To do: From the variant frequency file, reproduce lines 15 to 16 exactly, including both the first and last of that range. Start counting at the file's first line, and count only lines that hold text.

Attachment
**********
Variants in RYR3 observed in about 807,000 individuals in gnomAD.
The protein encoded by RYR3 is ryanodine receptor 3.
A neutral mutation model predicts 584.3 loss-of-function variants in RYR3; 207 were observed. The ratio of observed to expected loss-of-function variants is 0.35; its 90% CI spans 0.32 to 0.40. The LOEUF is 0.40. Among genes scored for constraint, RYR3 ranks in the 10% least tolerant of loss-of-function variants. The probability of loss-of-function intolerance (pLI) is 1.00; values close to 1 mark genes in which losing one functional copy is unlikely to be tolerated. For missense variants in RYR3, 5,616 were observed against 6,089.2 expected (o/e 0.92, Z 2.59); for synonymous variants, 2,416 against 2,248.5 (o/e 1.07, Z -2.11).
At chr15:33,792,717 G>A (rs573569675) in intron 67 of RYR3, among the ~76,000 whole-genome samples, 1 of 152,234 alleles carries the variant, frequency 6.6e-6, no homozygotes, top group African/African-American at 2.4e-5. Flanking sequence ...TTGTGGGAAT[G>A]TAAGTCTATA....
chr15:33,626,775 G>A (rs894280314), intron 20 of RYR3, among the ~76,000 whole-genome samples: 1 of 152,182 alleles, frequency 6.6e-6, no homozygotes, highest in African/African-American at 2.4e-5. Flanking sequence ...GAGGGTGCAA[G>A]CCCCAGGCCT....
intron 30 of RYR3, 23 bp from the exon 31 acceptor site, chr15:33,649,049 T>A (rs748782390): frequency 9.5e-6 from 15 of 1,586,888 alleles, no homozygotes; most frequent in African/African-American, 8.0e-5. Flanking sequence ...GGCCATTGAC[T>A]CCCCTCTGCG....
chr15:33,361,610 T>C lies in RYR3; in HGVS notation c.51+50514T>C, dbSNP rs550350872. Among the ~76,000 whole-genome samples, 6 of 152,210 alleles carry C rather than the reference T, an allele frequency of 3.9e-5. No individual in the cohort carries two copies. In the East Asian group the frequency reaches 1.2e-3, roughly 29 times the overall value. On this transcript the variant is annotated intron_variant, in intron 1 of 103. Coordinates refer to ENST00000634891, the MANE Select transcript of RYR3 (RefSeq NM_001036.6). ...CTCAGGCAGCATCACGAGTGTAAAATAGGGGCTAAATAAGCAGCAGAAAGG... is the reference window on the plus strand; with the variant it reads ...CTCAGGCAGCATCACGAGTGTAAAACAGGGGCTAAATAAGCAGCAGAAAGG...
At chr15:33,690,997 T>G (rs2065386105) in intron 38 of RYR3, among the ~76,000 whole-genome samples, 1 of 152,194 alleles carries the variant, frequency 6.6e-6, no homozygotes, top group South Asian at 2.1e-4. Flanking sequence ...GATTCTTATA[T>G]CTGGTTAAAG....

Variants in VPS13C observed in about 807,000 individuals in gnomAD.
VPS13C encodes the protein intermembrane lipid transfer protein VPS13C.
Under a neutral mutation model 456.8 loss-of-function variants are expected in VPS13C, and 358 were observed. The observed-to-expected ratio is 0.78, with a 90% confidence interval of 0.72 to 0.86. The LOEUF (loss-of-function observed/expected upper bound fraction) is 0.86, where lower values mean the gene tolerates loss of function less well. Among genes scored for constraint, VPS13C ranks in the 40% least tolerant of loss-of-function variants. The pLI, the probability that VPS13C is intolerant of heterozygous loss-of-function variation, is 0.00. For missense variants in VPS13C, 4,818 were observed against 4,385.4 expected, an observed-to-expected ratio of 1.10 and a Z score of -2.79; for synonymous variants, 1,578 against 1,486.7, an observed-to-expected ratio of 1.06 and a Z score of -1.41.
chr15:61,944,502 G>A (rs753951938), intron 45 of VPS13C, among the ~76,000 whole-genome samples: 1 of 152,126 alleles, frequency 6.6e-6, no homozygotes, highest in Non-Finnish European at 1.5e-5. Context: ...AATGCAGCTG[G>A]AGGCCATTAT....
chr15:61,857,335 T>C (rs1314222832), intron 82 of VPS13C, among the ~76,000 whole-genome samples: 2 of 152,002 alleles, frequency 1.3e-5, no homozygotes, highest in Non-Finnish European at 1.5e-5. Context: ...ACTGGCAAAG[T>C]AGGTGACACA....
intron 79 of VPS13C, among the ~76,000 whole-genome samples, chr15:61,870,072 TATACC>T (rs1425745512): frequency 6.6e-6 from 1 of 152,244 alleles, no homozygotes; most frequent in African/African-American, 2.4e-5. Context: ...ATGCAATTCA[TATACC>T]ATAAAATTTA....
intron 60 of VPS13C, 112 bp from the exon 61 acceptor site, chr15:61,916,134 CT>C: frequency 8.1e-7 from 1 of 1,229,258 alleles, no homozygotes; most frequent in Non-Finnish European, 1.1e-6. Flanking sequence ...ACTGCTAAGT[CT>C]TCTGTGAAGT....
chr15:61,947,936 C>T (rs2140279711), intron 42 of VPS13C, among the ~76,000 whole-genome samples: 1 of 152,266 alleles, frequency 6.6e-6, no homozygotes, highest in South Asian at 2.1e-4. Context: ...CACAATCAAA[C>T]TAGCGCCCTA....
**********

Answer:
intron 60 of VPS13C, 112 bp from the exon 61 acceptor site, chr15:61,916,134 CT>C: frequency 8.1e-7 from 1 of 1,229,258 alleles, no homozygotes; most frequent in Non-Finnish European, 1.1e-6. Flanking sequence ...ACTGCTAAGT[CT>C]TCTGTGAAGT....
chr15:61,947,936 C>T (rs2140279711), intron 42 of VPS13C, among the ~76,000 whole-genome samples: 1 of 152,266 alleles, frequency 6.6e-6, no homozygotes, highest in South Asian at 2.1e-4. Context: ...CACAATCAAA[C>T]TAGCGCCCTA....